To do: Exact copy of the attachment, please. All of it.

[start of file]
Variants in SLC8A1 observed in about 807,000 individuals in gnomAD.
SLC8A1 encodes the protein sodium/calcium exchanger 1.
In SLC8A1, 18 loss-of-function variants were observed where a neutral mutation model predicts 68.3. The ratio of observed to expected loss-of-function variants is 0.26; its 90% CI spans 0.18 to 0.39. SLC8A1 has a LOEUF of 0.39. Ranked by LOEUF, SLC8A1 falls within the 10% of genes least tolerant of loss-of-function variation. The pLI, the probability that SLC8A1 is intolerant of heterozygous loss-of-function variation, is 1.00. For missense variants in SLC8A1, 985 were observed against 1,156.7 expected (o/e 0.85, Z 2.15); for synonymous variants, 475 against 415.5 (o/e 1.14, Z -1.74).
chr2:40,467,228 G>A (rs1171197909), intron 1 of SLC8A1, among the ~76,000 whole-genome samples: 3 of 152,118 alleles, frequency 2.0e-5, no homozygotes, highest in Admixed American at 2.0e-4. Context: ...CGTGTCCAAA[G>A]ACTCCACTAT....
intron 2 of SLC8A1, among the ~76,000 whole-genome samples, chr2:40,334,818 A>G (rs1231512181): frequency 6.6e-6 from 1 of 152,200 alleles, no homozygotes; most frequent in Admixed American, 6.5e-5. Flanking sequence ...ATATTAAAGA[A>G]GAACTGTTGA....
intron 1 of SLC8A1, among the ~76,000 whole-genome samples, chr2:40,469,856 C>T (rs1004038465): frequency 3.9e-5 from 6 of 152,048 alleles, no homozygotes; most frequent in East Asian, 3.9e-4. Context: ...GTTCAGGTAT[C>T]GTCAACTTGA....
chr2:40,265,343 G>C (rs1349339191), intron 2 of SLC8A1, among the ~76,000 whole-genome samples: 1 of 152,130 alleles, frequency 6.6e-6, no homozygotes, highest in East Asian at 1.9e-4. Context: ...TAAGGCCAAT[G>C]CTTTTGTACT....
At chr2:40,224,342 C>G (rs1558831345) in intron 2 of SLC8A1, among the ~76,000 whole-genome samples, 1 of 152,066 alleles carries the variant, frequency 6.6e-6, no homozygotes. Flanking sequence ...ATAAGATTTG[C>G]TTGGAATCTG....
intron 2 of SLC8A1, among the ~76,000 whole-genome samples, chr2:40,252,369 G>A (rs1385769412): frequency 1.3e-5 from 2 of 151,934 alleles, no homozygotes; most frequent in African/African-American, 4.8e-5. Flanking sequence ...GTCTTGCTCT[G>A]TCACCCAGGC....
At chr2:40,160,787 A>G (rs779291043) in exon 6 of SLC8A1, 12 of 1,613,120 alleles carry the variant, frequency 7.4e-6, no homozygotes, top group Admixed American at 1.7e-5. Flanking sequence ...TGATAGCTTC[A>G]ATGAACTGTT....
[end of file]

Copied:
Variants in SLC8A1 observed in about 807,000 individuals in gnomAD.
SLC8A1 encodes the protein sodium/calcium exchanger 1.
In SLC8A1, 18 loss-of-function variants were observed where a neutral mutation model predicts 68.3. The ratio of observed to expected loss-of-function variants is 0.26; its 90% CI spans 0.18 to 0.39. SLC8A1 has a LOEUF of 0.39. Ranked by LOEUF, SLC8A1 falls within the 10% of genes least tolerant of loss-of-function variation. The pLI, the probability that SLC8A1 is intolerant of heterozygous loss-of-function variation, is 1.00. For missense variants in SLC8A1, 985 were observed against 1,156.7 expected (o/e 0.85, Z 2.15); for synonymous variants, 475 against 415.5 (o/e 1.14, Z -1.74).
chr2:40,467,228 G>A (rs1171197909), intron 1 of SLC8A1, among the ~76,000 whole-genome samples: 3 of 152,118 alleles, frequency 2.0e-5, no homozygotes, highest in Admixed American at 2.0e-4. Context: ...CGTGTCCAAA[G>A]ACTCCACTAT....
intron 2 of SLC8A1, among the ~76,000 whole-genome samples, chr2:40,334,818 A>G (rs1231512181): frequency 6.6e-6 from 1 of 152,200 alleles, no homozygotes; most frequent in Admixed American, 6.5e-5. Flanking sequence ...ATATTAAAGA[A>G]GAACTGTTGA....
intron 1 of SLC8A1, among the ~76,000 whole-genome samples, chr2:40,469,856 C>T (rs1004038465): frequency 3.9e-5 from 6 of 152,048 alleles, no homozygotes; most frequent in East Asian, 3.9e-4. Context: ...GTTCAGGTAT[C>T]GTCAACTTGA....
chr2:40,265,343 G>C (rs1349339191), intron 2 of SLC8A1, among the ~76,000 whole-genome samples: 1 of 152,130 alleles, frequency 6.6e-6, no homozygotes, highest in East Asian at 1.9e-4. Context: ...TAAGGCCAAT[G>C]CTTTTGTACT....
At chr2:40,224,342 C>G (rs1558831345) in intron 2 of SLC8A1, among the ~76,000 whole-genome samples, 1 of 152,066 alleles carries the variant, frequency 6.6e-6, no homozygotes. Flanking sequence ...ATAAGATTTG[C>G]TTGGAATCTG....
intron 2 of SLC8A1, among the ~76,000 whole-genome samples, chr2:40,252,369 G>A (rs1385769412): frequency 1.3e-5 from 2 of 151,934 alleles, no homozygotes; most frequent in African/African-American, 4.8e-5. Flanking sequence ...GTCTTGCTCT[G>A]TCACCCAGGC....
At chr2:40,160,787 A>G (rs779291043) in exon 6 of SLC8A1, 12 of 1,613,120 alleles carry the variant, frequency 7.4e-6, no homozygotes, top group Admixed American at 1.7e-5. Flanking sequence ...TGATAGCTTC[A>G]ATGAACTGTT....